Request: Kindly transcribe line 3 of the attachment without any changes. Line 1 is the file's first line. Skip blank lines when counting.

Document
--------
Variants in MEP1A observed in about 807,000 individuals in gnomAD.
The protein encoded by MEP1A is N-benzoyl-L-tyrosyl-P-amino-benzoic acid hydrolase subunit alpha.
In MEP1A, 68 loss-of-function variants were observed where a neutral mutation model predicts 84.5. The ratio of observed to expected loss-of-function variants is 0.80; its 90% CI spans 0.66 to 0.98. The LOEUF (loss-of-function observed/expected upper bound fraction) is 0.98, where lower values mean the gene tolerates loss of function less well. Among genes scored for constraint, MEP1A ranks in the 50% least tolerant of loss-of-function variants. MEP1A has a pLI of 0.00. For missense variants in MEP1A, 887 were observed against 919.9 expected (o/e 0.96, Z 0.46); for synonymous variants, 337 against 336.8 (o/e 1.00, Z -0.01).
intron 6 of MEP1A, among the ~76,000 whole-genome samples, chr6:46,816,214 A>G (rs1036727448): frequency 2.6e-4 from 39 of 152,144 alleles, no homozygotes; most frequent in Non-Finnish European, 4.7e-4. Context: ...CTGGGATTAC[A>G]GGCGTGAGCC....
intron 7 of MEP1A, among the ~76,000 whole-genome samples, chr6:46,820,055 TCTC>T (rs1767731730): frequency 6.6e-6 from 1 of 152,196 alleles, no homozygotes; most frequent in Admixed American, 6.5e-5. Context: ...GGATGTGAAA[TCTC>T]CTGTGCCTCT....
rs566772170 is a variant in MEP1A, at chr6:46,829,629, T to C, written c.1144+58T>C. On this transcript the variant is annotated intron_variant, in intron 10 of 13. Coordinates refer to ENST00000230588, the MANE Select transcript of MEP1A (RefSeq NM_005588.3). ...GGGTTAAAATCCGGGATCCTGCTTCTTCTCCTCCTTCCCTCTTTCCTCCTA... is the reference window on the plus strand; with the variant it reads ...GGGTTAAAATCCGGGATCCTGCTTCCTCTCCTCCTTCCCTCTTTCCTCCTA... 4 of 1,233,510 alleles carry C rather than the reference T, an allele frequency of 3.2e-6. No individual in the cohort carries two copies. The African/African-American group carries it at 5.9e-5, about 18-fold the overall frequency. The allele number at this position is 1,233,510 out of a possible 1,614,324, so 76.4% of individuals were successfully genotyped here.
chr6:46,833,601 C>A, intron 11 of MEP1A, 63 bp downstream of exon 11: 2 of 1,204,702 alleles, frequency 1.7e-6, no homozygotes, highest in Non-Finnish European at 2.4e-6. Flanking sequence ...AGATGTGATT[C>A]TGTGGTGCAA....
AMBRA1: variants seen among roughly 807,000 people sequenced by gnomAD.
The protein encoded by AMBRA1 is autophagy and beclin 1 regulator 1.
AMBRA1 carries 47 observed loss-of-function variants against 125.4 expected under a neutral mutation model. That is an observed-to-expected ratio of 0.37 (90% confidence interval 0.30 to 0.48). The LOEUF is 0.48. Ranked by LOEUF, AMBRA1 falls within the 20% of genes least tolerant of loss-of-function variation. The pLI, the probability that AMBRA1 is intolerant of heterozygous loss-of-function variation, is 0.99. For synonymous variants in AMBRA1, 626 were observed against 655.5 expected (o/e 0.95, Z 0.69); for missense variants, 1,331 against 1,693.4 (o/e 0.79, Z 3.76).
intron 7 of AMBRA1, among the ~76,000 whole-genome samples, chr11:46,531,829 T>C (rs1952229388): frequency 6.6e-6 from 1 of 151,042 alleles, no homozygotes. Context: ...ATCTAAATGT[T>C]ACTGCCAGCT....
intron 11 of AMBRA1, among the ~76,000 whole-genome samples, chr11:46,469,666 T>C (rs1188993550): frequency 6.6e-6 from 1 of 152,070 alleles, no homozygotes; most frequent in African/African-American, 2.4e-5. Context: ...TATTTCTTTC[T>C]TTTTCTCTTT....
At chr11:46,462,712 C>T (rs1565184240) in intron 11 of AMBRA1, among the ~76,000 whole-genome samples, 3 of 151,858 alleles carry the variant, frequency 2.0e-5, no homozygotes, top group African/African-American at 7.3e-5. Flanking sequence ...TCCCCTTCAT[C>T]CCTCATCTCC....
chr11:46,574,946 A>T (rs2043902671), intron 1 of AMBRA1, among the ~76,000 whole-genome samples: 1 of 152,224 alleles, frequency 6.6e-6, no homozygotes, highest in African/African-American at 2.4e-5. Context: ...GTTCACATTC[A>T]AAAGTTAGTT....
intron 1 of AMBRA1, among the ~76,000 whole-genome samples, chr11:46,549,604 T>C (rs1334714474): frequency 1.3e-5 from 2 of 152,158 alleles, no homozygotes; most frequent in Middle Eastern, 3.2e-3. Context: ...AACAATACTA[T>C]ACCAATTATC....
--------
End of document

In MEP1A, 68 loss-of-function variants were observed where a neutral mutation model predicts 84.5. The ratio of observed to expected loss-of-function variants is 0.80; its 90% CI spans 0.66 to 0.98. The LOEUF (loss-of-function observed/expected upper bound fraction) is 0.98, where lower values mean the gene tolerates loss of function less well. Among genes scored for constraint, MEP1A ranks in the 50% least tolerant of loss-of-function variants. MEP1A has a pLI of 0.00. For missense variants in MEP1A, 887 were observed against 919.9 expected (o/e 0.96, Z 0.46); for synonymous variants, 337 against 336.8 (o/e 1.00, Z -0.01).